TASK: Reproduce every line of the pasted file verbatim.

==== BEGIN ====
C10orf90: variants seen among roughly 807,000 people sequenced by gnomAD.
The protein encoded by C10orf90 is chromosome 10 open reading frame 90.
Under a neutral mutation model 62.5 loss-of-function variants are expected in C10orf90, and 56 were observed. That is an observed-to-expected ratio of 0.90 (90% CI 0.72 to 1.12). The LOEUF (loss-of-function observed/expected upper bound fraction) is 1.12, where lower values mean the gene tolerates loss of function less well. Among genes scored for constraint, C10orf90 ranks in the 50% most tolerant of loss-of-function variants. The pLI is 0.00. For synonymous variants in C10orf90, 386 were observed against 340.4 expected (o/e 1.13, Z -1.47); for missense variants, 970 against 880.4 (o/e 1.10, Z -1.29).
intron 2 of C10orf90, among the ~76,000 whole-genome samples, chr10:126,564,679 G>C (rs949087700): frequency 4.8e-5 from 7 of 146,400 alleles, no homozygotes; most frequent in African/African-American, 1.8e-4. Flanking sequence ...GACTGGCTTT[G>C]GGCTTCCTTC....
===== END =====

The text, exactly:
C10orf90: variants seen among roughly 807,000 people sequenced by gnomAD.
The protein encoded by C10orf90 is chromosome 10 open reading frame 90.
Under a neutral mutation model 62.5 loss-of-function variants are expected in C10orf90, and 56 were observed. That is an observed-to-expected ratio of 0.90 (90% CI 0.72 to 1.12). The LOEUF (loss-of-function observed/expected upper bound fraction) is 1.12, where lower values mean the gene tolerates loss of function less well. Among genes scored for constraint, C10orf90 ranks in the 50% most tolerant of loss-of-function variants. The pLI is 0.00. For synonymous variants in C10orf90, 386 were observed against 340.4 expected (o/e 1.13, Z -1.47); for missense variants, 970 against 880.4 (o/e 1.10, Z -1.29).
intron 2 of C10orf90, among the ~76,000 whole-genome samples, chr10:126,564,679 G>C (rs949087700): frequency 4.8e-5 from 7 of 146,400 alleles, no homozygotes; most frequent in African/African-American, 1.8e-4. Flanking sequence ...GACTGGCTTT[G>C]GGCTTCCTTC....